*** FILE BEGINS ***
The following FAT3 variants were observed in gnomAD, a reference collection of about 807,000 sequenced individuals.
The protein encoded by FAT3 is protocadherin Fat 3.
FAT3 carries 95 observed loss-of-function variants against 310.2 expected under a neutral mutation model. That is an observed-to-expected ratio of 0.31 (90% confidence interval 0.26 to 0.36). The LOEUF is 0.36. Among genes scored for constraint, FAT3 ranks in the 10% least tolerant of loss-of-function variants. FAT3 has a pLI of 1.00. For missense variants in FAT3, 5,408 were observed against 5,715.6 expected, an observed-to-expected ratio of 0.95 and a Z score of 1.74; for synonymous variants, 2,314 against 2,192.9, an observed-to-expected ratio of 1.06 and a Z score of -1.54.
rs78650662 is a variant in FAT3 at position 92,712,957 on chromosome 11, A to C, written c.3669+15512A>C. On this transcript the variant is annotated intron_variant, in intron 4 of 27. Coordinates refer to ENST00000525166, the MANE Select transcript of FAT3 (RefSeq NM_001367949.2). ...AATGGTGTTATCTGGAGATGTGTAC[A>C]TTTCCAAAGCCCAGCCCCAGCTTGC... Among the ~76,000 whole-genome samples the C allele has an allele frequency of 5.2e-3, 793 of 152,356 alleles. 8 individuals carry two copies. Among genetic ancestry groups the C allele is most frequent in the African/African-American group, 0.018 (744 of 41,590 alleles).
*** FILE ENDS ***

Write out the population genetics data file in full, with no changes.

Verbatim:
The following FAT3 variants were observed in gnomAD, a reference collection of about 807,000 sequenced individuals.
The protein encoded by FAT3 is protocadherin Fat 3.
FAT3 carries 95 observed loss-of-function variants against 310.2 expected under a neutral mutation model. That is an observed-to-expected ratio of 0.31 (90% confidence interval 0.26 to 0.36). The LOEUF is 0.36. Among genes scored for constraint, FAT3 ranks in the 10% least tolerant of loss-of-function variants. FAT3 has a pLI of 1.00. For missense variants in FAT3, 5,408 were observed against 5,715.6 expected, an observed-to-expected ratio of 0.95 and a Z score of 1.74; for synonymous variants, 2,314 against 2,192.9, an observed-to-expected ratio of 1.06 and a Z score of -1.54.
rs78650662 is a variant in FAT3 at position 92,712,957 on chromosome 11, A to C, written c.3669+15512A>C. On this transcript the variant is annotated intron_variant, in intron 4 of 27. Coordinates refer to ENST00000525166, the MANE Select transcript of FAT3 (RefSeq NM_001367949.2). ...AATGGTGTTATCTGGAGATGTGTAC[A>C]TTTCCAAAGCCCAGCCCCAGCTTGC... Among the ~76,000 whole-genome samples the C allele has an allele frequency of 5.2e-3, 793 of 152,356 alleles. 8 individuals carry two copies. Among genetic ancestry groups the C allele is most frequent in the African/African-American group, 0.018 (744 of 41,590 alleles).